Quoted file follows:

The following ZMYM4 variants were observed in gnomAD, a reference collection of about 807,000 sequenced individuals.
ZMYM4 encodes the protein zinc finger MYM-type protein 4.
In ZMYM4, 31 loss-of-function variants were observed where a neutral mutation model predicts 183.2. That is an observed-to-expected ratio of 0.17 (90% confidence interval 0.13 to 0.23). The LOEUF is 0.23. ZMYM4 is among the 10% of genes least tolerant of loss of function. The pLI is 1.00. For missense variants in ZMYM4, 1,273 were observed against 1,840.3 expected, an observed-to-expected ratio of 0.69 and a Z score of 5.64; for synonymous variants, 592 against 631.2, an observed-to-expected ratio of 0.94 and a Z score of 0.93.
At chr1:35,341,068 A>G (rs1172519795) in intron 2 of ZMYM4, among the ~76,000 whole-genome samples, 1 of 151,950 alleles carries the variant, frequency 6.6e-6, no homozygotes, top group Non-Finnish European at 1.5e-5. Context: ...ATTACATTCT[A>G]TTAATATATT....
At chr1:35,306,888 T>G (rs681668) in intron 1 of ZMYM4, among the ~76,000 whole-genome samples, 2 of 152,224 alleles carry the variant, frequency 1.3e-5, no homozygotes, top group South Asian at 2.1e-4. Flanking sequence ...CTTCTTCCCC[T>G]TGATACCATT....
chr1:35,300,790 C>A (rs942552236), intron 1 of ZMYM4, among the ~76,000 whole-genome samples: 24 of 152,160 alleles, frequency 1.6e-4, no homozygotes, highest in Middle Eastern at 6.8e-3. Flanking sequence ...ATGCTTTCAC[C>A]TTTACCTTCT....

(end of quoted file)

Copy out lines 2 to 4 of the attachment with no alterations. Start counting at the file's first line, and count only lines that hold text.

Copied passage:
ZMYM4 encodes the protein zinc finger MYM-type protein 4.
In ZMYM4, 31 loss-of-function variants were observed where a neutral mutation model predicts 183.2. That is an observed-to-expected ratio of 0.17 (90% confidence interval 0.13 to 0.23). The LOEUF is 0.23. ZMYM4 is among the 10% of genes least tolerant of loss of function. The pLI is 1.00. For missense variants in ZMYM4, 1,273 were observed against 1,840.3 expected, an observed-to-expected ratio of 0.69 and a Z score of 5.64; for synonymous variants, 592 against 631.2, an observed-to-expected ratio of 0.94 and a Z score of 0.93.
At chr1:35,341,068 A>G (rs1172519795) in intron 2 of ZMYM4, among the ~76,000 whole-genome samples, 1 of 151,950 alleles carries the variant, frequency 6.6e-6, no homozygotes, top group Non-Finnish European at 1.5e-5. Context: ...ATTACATTCT[A>G]TTAATATATT....